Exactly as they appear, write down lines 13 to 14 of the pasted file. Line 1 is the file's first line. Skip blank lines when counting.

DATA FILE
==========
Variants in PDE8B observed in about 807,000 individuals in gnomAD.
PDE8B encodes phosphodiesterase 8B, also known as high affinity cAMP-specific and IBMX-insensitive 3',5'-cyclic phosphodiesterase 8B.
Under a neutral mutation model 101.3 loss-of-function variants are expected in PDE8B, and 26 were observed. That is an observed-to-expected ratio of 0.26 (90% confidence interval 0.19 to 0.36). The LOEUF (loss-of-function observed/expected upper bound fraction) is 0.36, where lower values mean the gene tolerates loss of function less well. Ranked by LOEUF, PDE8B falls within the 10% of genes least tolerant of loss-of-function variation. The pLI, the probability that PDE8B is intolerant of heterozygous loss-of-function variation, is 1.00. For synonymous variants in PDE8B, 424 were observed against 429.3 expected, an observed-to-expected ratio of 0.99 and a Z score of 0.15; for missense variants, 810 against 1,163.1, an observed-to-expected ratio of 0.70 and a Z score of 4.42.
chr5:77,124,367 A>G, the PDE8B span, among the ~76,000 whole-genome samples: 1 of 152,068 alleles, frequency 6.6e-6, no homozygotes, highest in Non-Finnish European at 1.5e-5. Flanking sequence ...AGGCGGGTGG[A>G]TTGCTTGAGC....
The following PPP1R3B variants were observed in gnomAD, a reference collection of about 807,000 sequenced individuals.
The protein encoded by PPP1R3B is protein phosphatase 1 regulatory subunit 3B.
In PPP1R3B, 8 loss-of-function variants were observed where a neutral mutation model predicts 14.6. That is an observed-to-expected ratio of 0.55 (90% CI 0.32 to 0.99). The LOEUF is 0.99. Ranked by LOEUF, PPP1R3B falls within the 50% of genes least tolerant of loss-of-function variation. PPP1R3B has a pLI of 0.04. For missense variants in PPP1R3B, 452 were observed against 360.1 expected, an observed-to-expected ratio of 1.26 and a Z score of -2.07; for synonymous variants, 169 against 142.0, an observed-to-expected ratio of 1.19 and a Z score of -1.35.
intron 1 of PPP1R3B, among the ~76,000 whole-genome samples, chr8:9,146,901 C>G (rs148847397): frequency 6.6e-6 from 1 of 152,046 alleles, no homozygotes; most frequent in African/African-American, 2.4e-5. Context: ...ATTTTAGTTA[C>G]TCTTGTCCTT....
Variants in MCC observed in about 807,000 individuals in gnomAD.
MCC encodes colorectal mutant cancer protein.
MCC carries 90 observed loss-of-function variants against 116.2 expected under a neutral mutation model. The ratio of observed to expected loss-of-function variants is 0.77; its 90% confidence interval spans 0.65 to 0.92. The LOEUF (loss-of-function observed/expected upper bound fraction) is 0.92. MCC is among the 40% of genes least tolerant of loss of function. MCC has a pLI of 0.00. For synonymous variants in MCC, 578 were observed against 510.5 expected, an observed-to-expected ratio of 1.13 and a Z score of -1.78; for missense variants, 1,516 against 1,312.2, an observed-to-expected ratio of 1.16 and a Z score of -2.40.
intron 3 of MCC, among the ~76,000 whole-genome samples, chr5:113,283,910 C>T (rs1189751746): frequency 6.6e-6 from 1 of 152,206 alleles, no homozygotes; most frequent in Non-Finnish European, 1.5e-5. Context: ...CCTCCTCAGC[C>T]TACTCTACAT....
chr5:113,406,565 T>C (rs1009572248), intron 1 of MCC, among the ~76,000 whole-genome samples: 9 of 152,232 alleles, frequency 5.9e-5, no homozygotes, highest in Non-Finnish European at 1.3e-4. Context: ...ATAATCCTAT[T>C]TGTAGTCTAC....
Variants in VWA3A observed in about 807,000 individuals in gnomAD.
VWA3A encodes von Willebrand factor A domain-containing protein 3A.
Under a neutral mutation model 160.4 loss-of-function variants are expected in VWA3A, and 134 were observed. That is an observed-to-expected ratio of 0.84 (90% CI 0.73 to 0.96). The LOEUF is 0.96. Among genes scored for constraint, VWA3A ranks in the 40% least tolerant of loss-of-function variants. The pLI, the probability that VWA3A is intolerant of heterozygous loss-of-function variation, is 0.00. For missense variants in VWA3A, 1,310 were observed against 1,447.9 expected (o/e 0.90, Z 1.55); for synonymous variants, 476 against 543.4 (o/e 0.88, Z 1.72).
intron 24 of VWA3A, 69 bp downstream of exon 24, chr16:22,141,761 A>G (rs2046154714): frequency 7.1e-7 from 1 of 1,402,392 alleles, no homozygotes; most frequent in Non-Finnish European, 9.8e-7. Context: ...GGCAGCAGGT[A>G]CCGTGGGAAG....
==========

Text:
chr5:113,406,565 T>C (rs1009572248), intron 1 of MCC, among the ~76,000 whole-genome samples: 9 of 152,232 alleles, frequency 5.9e-5, no homozygotes, highest in Non-Finnish European at 1.3e-4. Context: ...ATAATCCTAT[T>C]TGTAGTCTAC....
Variants in VWA3A observed in about 807,000 individuals in gnomAD.